Tensions high as landmark Libyan elections begin
Libyans have begun to vote in the first election since Colonel Gaddafi was toppled, and in what is their first free election in over 50 years.
They are voting with the aim of electing a temporary 200-member assembly who will go on to select a cabinet and a Prime Minister. Candidates with religious agendas dominate the 3,700 hopefuls, leading to speculation that Libya will be the next country with religious parties dominating the political landscape after Egypt and Tunisia.
Polls opened at 8am local time, amidst violence as an electoral worker was killed after an attack by gunmen on a helicopter close to Benghazi. Some former rebels have also attempted to overthrow the vote by targeting the oil industry and shutting down up to five oil terminals.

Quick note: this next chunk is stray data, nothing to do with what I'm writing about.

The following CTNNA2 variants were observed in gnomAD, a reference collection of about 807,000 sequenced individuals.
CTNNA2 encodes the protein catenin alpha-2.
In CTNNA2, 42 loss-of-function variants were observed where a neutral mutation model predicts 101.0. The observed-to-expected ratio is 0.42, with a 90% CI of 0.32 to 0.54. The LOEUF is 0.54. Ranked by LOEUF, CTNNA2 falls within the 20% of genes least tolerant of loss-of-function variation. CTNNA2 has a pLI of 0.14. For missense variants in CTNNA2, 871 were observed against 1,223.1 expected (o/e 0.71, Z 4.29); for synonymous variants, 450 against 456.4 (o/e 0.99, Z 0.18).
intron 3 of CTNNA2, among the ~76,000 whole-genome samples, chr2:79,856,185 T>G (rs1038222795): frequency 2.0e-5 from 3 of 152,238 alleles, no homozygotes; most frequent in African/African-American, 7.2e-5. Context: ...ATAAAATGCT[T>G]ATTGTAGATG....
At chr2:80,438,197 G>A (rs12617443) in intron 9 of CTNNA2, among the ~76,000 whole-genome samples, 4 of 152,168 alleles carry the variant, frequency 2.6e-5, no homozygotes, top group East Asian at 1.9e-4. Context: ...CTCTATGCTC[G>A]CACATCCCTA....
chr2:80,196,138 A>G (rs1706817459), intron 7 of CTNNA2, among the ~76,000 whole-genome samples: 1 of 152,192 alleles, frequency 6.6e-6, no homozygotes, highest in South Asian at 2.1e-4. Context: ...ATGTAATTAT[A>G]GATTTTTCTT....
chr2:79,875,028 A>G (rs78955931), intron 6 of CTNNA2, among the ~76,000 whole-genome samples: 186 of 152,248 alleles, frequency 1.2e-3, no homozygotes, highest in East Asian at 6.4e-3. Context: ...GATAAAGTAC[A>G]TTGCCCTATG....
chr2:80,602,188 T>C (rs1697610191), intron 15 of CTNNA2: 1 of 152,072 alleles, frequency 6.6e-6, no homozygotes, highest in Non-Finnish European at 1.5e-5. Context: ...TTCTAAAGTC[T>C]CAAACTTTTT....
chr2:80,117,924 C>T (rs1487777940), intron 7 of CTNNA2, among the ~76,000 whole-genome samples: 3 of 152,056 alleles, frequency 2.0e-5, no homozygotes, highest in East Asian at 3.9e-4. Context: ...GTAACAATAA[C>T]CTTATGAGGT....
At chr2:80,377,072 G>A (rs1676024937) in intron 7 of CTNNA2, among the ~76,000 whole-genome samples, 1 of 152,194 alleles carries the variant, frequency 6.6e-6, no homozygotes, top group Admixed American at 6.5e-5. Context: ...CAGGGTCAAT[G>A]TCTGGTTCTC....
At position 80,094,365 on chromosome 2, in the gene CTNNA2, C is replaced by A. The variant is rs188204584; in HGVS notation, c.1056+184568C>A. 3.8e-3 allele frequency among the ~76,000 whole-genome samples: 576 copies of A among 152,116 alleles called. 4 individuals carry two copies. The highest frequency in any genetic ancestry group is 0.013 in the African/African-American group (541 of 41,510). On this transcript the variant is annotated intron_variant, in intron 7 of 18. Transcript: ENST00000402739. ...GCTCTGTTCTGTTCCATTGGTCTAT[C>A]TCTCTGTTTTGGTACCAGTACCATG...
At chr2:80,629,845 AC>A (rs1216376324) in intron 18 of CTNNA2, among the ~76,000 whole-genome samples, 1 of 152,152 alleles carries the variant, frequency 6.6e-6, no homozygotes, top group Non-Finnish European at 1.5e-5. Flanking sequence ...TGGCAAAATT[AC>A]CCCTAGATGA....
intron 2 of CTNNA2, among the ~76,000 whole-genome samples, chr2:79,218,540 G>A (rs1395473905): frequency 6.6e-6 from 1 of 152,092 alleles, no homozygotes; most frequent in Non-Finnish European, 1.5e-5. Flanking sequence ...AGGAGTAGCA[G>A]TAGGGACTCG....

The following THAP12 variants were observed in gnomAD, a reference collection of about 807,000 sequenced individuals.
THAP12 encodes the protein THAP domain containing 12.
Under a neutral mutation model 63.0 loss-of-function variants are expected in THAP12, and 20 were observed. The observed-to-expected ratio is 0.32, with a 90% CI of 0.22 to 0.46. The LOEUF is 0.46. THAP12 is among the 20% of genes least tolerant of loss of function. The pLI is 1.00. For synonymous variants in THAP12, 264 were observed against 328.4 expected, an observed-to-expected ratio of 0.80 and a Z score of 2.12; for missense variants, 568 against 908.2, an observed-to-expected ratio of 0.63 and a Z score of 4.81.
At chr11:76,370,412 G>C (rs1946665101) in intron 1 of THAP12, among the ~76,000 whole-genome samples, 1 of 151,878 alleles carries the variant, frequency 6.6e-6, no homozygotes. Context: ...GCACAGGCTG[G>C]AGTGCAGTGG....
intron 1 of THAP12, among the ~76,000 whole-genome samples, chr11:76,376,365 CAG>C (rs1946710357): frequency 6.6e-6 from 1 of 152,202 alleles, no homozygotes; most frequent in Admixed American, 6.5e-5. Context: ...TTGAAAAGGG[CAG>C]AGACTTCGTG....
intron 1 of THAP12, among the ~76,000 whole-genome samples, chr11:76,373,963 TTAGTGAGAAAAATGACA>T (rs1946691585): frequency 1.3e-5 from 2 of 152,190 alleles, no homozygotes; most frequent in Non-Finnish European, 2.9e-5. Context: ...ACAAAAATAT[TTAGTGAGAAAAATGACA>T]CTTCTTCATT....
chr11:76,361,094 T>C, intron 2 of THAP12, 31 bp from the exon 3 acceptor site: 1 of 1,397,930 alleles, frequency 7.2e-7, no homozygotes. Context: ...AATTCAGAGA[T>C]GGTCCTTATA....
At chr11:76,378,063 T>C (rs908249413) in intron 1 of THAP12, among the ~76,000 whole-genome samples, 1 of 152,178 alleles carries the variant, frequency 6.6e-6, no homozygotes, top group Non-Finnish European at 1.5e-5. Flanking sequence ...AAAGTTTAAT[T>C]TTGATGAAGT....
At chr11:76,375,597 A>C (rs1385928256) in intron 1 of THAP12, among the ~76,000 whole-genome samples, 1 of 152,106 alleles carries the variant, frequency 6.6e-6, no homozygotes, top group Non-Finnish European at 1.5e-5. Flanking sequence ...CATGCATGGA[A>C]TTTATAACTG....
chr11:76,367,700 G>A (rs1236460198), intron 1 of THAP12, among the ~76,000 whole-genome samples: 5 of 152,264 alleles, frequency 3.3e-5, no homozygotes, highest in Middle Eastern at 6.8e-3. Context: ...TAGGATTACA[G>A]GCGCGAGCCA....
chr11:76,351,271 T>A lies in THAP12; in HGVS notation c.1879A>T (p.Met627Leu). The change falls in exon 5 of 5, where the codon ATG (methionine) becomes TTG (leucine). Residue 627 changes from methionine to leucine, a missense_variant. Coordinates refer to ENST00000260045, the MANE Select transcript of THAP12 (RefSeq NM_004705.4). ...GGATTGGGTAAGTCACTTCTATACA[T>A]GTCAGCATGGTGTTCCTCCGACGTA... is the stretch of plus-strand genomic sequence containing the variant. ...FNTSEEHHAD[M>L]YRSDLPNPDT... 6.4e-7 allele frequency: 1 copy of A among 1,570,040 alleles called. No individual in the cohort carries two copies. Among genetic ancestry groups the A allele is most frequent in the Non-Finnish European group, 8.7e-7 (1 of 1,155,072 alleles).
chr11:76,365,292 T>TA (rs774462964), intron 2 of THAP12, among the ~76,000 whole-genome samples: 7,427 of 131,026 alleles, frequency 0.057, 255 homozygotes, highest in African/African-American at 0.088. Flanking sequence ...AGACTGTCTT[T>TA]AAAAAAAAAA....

Many Libyans have expressed doubts and concerns that the oil-rich East of the country will be under-represented in the assembly, as only 60 seats of the 200 are allocated to the area.
Fadlallah Haroun, a former rebel commander in the east of Libya, said: “We don’t want Tripoli to rule all of Libya.”
Many Libyans have expressed their joy as they cast their votes. Cheers went up in a polling station in Tripoli as the first woman cast her vote in a polling station in a converted school.
Voting for the first time, teacher Zainab Masri described her feelings on voting, saying: “I can’t describe the feeling. We paid the price; I have two martyrs in my family. I am certain the future will be good, Libya will be successful.”